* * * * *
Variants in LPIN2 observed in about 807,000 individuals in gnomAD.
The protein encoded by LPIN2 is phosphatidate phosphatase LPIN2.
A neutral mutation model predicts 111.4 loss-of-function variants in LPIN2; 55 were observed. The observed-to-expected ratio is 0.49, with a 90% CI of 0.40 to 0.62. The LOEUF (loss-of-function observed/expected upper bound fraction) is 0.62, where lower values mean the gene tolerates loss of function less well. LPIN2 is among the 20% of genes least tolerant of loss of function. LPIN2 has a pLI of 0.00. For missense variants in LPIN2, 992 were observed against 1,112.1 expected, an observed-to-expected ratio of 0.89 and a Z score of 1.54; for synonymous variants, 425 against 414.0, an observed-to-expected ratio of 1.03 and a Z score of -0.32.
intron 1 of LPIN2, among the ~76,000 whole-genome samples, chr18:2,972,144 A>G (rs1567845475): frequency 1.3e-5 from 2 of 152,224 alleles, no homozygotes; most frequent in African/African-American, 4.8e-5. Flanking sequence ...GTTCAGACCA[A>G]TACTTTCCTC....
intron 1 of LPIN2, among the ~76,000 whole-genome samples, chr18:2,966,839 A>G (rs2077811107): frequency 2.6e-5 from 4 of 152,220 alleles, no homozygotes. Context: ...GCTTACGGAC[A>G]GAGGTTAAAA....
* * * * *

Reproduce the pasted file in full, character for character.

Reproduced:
Variants in LPIN2 observed in about 807,000 individuals in gnomAD.
The protein encoded by LPIN2 is phosphatidate phosphatase LPIN2.
A neutral mutation model predicts 111.4 loss-of-function variants in LPIN2; 55 were observed. The observed-to-expected ratio is 0.49, with a 90% CI of 0.40 to 0.62. The LOEUF (loss-of-function observed/expected upper bound fraction) is 0.62, where lower values mean the gene tolerates loss of function less well. LPIN2 is among the 20% of genes least tolerant of loss of function. LPIN2 has a pLI of 0.00. For missense variants in LPIN2, 992 were observed against 1,112.1 expected, an observed-to-expected ratio of 0.89 and a Z score of 1.54; for synonymous variants, 425 against 414.0, an observed-to-expected ratio of 1.03 and a Z score of -0.32.
intron 1 of LPIN2, among the ~76,000 whole-genome samples, chr18:2,972,144 A>G (rs1567845475): frequency 1.3e-5 from 2 of 152,224 alleles, no homozygotes; most frequent in African/African-American, 4.8e-5. Flanking sequence ...GTTCAGACCA[A>G]TACTTTCCTC....
intron 1 of LPIN2, among the ~76,000 whole-genome samples, chr18:2,966,839 A>G (rs2077811107): frequency 2.6e-5 from 4 of 152,220 alleles, no homozygotes. Context: ...GCTTACGGAC[A>G]GAGGTTAAAA....